Have Any Indians Served on a Federal Criminal Jury, Ever?

Three Indians were struck from the jury during voir dire in United States v. Harding, including one who was struck because he was struck in a prior case. And that’s okay under federal law, apparently:

The prosecutor gave these reasons for the strikes: He said that Lacroix worked with Harding at Dakota Paneling, where Lacroix was a supervisor, and that Lacroix knew Harding. He stated that Cottier was a registered nurse and was a member of a venire in the recent case of United States v. High Wolf. In response to questions from the court, the prosecutor clarified that Cottier had been excused from service in High Wolf, and that the prosecutor was drawing on Cottier’s responses during voir dire in the past.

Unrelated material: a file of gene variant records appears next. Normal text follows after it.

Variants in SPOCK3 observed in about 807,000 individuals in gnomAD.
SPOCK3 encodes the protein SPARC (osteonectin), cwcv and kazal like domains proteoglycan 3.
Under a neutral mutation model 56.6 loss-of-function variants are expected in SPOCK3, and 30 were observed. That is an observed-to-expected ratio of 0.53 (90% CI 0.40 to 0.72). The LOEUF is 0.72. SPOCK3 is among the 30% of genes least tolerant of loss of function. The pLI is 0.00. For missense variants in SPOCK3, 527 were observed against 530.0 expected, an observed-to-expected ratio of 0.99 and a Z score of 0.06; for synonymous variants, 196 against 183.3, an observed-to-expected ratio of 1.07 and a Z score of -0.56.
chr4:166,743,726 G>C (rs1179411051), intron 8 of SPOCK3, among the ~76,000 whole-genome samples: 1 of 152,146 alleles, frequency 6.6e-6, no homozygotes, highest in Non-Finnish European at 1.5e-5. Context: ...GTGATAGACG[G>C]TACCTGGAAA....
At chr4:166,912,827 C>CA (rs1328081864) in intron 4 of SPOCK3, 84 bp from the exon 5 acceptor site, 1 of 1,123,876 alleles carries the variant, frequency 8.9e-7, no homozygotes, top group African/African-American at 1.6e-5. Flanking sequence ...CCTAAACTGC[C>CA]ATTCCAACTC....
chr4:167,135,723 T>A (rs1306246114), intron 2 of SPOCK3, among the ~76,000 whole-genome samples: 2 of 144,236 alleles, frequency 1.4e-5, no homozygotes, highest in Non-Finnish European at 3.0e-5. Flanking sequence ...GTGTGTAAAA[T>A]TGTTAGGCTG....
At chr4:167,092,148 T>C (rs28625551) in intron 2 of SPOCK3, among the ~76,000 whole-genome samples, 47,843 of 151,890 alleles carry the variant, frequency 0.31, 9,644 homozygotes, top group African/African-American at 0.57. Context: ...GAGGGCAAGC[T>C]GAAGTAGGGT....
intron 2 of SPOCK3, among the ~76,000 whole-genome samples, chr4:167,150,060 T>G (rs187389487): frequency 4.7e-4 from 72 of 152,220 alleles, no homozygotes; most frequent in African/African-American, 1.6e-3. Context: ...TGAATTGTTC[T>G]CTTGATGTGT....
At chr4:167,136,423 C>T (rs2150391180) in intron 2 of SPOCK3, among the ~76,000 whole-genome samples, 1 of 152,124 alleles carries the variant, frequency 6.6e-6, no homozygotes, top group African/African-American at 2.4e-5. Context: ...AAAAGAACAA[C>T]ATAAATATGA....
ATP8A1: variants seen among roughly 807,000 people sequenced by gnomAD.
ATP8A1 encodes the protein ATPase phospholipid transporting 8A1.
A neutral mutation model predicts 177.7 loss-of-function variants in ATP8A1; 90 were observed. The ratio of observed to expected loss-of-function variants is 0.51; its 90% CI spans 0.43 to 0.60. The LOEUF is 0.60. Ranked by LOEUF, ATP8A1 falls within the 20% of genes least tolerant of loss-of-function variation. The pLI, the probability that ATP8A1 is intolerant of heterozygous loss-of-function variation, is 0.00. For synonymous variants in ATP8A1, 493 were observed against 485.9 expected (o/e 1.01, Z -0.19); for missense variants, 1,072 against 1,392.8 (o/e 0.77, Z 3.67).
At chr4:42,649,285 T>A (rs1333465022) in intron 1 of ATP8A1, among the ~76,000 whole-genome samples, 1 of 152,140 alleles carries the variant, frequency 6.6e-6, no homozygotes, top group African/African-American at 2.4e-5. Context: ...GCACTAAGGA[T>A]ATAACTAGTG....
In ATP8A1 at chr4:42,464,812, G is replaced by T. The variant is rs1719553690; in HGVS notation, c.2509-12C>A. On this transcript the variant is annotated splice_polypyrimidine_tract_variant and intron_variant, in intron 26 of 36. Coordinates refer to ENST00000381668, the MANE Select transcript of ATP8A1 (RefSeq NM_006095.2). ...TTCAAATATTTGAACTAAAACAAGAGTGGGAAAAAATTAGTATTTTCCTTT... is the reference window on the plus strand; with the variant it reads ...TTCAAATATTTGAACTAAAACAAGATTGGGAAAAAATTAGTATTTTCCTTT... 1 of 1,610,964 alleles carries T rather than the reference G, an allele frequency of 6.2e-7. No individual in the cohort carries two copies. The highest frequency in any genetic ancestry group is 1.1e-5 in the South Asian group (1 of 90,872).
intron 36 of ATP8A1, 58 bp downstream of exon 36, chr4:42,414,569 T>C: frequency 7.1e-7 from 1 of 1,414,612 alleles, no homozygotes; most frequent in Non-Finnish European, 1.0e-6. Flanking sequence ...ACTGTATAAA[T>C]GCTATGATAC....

This entry was posted in Author: Matthew L.M. Fletcher, Criminal, Research and tagged , , . Bookmark the permalink.

One Response to Have Any Indians Served on a Federal Criminal Jury, Ever?

  1. Richard Monette says:

    Not only should Natives be allowed or even preferred on a federal jury, but if the prosecution proceeds under 25 USC sections 1152 or 1153 (perhaps others), the jury should be required to be from the same Native Nation. This goes beyond the notion of a ‘jury of peers’, although that notion should dictate fellow Native jurors. But those statues have been deemed constitutional because of the political status of the defendant; that same political status should be required of the jury to justify the application of the statute and the entire prosecutorial proceeding.

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